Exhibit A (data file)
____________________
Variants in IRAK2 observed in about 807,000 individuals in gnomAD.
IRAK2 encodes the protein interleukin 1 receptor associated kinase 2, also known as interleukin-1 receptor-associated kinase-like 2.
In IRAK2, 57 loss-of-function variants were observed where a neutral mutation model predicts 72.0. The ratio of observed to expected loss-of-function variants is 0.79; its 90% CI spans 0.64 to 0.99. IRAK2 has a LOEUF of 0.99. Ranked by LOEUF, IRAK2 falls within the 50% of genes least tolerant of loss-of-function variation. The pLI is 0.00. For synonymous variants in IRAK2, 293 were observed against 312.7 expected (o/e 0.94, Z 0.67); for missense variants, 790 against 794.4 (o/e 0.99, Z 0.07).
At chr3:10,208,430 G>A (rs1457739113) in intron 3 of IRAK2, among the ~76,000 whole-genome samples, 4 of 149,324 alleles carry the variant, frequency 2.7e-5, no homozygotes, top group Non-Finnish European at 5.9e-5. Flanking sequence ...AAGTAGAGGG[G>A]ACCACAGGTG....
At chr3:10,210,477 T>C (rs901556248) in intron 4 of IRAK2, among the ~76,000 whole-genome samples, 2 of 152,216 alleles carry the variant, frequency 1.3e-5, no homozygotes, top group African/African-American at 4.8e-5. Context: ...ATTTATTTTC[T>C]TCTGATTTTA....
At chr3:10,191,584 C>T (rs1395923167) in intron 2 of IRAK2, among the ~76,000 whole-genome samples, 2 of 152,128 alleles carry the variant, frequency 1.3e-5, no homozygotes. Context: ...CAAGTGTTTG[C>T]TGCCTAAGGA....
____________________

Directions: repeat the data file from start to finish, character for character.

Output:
Variants in IRAK2 observed in about 807,000 individuals in gnomAD.
IRAK2 encodes the protein interleukin 1 receptor associated kinase 2, also known as interleukin-1 receptor-associated kinase-like 2.
In IRAK2, 57 loss-of-function variants were observed where a neutral mutation model predicts 72.0. The ratio of observed to expected loss-of-function variants is 0.79; its 90% CI spans 0.64 to 0.99. IRAK2 has a LOEUF of 0.99. Ranked by LOEUF, IRAK2 falls within the 50% of genes least tolerant of loss-of-function variation. The pLI is 0.00. For synonymous variants in IRAK2, 293 were observed against 312.7 expected (o/e 0.94, Z 0.67); for missense variants, 790 against 794.4 (o/e 0.99, Z 0.07).
At chr3:10,208,430 G>A (rs1457739113) in intron 3 of IRAK2, among the ~76,000 whole-genome samples, 4 of 149,324 alleles carry the variant, frequency 2.7e-5, no homozygotes, top group Non-Finnish European at 5.9e-5. Flanking sequence ...AAGTAGAGGG[G>A]ACCACAGGTG....
At chr3:10,210,477 T>C (rs901556248) in intron 4 of IRAK2, among the ~76,000 whole-genome samples, 2 of 152,216 alleles carry the variant, frequency 1.3e-5, no homozygotes, top group African/African-American at 4.8e-5. Context: ...ATTTATTTTC[T>C]TCTGATTTTA....
At chr3:10,191,584 C>T (rs1395923167) in intron 2 of IRAK2, among the ~76,000 whole-genome samples, 2 of 152,128 alleles carry the variant, frequency 1.3e-5, no homozygotes. Context: ...CAAGTGTTTG[C>T]TGCCTAAGGA....